Feeling of Power in the Body
In this sneak peek conversation between Life Hack coordinator- Yoek Ling and Campus Partner- Kathy Gabriel, we uncover why narratives while useful can be a distraction from the real work and realization of who we are and how in the upcoming Life Hack #4- Bodyfulness class we go back to the feeling of power in the body instead of just knowing power in the head.
Yoek : What does power look like and feel like to you?
Kathy: Power doesn’t really have a face or a physical appearance for me instead it’s a palpable feeling of being in tune and in the know of what is going on within myself at all times. Power isn’t always with me but when it’s there, I feel grateful.
Yoek: That’s intriguing and I love it. Cos it’s an idea of power not as relative but more as centered in self?
I taught a session on power before and the concept I shared then was how power is when there is a gap between resource and need (You have something I need= you have power over me). And we discussed power over vs power with. Therefore, power in this case is as a relative concept. A power dynamic exists when I have something another needs, and vice versa. There is also the idea of power with, where we collectively have power that we otherwise don’t have cos we come together. Power feels big, powerlessness feels small. Power with feels like solidarity. More recently someone also shared with me the idea that power is with the one who’s free .
Kathy: I can see where you are coming from. And that is a completely understandable concept of power. I agree. Just to ask a question back, how would that type of power show up in your body or yourself
Yoek: I am more accustomed to learning through words and with my mind. But recently I was reading this book Bodyfulness by Christine Caldwell and one of the exercises was about working with incompleteness in our past locked in our body memories. I tried it out and what surfaced was an episode about power. When I felt like I was in front of a panel of powerful people and I felt small and judged. Trying out the body exercise gave me insight into narratives I didn’t know I had, and I became aware that this could be a very rich source of learning I had not yet connected to.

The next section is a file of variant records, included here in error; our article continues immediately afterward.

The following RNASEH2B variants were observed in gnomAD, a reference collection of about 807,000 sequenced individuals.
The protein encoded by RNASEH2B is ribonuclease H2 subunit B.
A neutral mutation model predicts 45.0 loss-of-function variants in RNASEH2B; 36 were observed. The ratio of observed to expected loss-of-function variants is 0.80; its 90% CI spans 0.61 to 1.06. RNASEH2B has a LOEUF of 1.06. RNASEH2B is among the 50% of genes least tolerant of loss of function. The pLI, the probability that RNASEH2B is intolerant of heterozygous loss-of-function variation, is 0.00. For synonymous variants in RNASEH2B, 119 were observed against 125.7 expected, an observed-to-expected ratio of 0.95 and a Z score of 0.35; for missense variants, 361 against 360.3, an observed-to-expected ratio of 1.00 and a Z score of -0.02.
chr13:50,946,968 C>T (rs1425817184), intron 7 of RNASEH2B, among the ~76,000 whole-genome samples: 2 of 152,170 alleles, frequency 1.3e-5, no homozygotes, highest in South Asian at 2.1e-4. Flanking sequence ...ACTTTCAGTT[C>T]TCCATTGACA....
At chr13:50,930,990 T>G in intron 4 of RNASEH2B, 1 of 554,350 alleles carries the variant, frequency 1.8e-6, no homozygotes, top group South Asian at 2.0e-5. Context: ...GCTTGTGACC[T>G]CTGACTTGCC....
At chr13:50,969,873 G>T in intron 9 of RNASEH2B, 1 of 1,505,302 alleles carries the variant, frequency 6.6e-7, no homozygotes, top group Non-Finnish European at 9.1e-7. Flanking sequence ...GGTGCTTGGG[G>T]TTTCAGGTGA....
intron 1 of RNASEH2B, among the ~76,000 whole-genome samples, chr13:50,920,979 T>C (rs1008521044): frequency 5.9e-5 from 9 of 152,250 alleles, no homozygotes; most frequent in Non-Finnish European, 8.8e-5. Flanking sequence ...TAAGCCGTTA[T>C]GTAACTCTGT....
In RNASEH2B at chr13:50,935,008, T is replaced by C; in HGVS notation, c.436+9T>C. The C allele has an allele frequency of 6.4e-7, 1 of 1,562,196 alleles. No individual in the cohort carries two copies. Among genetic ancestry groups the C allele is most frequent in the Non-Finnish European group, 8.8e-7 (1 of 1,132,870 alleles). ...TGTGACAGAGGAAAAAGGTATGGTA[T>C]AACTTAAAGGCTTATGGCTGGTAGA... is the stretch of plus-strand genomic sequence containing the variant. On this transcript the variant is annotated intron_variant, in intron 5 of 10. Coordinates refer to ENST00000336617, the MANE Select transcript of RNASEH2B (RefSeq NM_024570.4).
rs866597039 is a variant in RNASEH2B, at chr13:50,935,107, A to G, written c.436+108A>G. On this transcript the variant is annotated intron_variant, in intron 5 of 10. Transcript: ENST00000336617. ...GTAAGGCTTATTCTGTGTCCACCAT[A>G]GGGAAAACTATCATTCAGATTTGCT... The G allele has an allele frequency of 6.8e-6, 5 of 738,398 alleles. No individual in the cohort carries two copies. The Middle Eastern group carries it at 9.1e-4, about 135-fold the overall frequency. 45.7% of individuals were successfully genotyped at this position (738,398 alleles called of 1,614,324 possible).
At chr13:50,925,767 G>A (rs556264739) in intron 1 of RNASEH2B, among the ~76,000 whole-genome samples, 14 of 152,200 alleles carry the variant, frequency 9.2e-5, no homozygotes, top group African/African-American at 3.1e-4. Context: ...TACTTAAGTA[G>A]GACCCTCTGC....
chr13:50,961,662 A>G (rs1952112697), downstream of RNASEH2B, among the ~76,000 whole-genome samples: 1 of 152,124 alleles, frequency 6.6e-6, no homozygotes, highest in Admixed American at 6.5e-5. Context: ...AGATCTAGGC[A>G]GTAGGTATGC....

Kathy: Well, I think that your response was your own story and process. Perhaps a similar exercise could have led others to feel a different sensation and therefore a different narrative.
Although, power narratives are very common because universally, in some way or another we have all been in the shoes of feeling small, out of touch, feeling othered, outcast, all of which are power narratives told differently.
Without going too philosophical about power because there is both positive power and negative power. For example positive power would be me being able to use a concept or wield a tool to my influence or “power”. To be able to have control of my narrative, to be able to command a space perhaps. And negative power would be one that you might see in a society perhaps. When as a collective we may be able to do more things but individually we all have to give up a degree of power to be able to come together as a society.
Kathy: For the workshop, I wanted to focus more on learning how to follow our intuition of your own bodies to help us be more authentic to our own minds and bodies. We learn to sense better through our body and notice what kind of narratives it can bring up. Often times we are so detached from our bodies and thus also not really connected to our narratives. Then the mind comes into disarray and you see this most commonly in individuals with trauma, both extreme and not. They tend to get stuck in a narrative, not knowing how it started, where it’s going or how it will end. Narratives can be useful but distracts us from the real work and from our realisation of who we are.
We use partner work during the workshop to observe and notice. Through both communication and also bodywork, this would allow people to slowly separate sensation and narrative and find power in finding true embodiment in themselves. In other words, through being more bodyful or through somatic experiencing, we can learn to reclaim the authority of our body. That in itself is power.
Yoek: … and when you say “separate sensation from narrative”, that is like to be in touch and feel power in its raw sense, before layering on narrative? Also so we don’t keep repeating narratives we are stuck in?
Kathy: Exactly. Feeling what power is more palatable as an experience than just knowing what it is about. And when I tap into the feeling, it usually serves me and those around me. For many other, It’s a choice on what we serve. Power is in the choice.
Come experience this palatable feeling of power in your body with us this 24 Aug, Sat, 8am-1030am at Chinese Garden. Workshop tickets are going at $20 and are on a first-come-first-serve basis. Tickets are running out fast, get your tickets with us at https://bodyfulness.peatix.com today!